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Album Review // WEEZER ‘Pacific Daydream’

Embracing change and knowing their best side – Pacific Daydream is the 2017 incarnation of Weezer.

Though it’s the biggest departure from the grunge-oriented soundscape Weezer are initially known for, Pacific Daydream carries out their classical elements in a brand new wrapping.

Opening with Mexican Fender, Weezer set the tone of the record right from the start. It pivots back to the golden mean of their craft with heavy distortion and glossed sonics, whilst still encompassing a sense of renaissance.

Whilst Beach Boys’ echoing staccato fails to register as something special, Feels Like Summer possesses a stoic grandness, not only making it one of Weezer’s biggest hits, but mapping out the band for a generation that has yet to feel the earworm hooks of Rivers Cuomo. There’s an eminent swagger drawing on R&B hit codes as well as the pop punk landscape Weezer usually trot. The ballsy combination of elements and seemingly curious approach to new turns colours not only Feels Like Summer, but Pacific Daydream as a whole. Old Weezer-fans may find it outlandish, and yet, it’s incredibly cautious of the band’s core identity.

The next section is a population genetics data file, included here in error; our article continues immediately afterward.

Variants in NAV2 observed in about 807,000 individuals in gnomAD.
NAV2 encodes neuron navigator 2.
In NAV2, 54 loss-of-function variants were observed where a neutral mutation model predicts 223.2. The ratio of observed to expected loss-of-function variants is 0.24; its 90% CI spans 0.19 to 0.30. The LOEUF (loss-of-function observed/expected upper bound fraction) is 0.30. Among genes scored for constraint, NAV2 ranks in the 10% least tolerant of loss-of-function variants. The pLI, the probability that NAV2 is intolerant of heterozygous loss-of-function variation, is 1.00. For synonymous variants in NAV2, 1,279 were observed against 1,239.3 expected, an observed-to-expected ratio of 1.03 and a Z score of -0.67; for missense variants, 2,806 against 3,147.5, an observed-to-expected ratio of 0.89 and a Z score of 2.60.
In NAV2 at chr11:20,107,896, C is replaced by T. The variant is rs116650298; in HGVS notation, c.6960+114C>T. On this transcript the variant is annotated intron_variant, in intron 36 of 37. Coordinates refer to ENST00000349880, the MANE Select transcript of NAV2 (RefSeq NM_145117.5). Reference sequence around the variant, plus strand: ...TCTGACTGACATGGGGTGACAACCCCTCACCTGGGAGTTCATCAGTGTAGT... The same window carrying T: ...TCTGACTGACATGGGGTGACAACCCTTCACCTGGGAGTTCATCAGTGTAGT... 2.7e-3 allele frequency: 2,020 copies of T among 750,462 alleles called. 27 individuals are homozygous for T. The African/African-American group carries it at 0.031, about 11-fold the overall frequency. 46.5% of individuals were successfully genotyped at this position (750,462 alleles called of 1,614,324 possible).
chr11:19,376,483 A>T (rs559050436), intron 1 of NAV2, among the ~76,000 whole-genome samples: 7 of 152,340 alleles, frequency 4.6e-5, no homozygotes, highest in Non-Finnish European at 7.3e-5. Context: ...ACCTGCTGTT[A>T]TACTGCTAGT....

Their balance between experimental and commercial is still intact, this time around drawing on the current pop tint that colours the music industry in 2017. Though they still manage to capture some 90’s grit within the soundscape, it’s obvious that Rivers and Co. are open to new tricks.

The allusions to R&B rhythms also bleeds into other tracks on the album. Happy Hour glitters with lyrical melancholy aligned with a sleek melody, balancing the edge between happy and sad.

Contextualising Pacific Daydream within the narratives of the pop landscape today, it wouldn’t be considered all that ground-breaking, yet Weezer bring in their eminent experience and edge to the table, attempting to hit a wider spectre than their settled fan base. At times they flourish, yet other attempts, such as Weekend Woman falls a bit flat.

QB Blitz’s guitar base throws in immediate sense of nostalgia, and with lyrical lines such as, “All my conversations die a painful death” the idiosyncrasy of River’s approach to heavy feelings is well and honestly represented. There’s a mature sense to the track, reminding you that despite the catchiness, Weezer are in fact all grown up guys now.

Following the more mellow footpath, Get Right is truly heartfelt, mounting into a dream juxtapose coloured by the sore lyrics and glittering beat.

Rounding off with Any Friend of Diane’s, it feels like a bit of a blunt note to end on. Over all, Pacific Daydream is a hook-filled beacon, drawing on California guitar-pop as much as old-school pop punk. Though the poster-boys for geeky outsider syndrome seem to have taken on the heat of the mainstream, it fits them well and shows an honest growth to the experimental trail that is Weezer’s discography.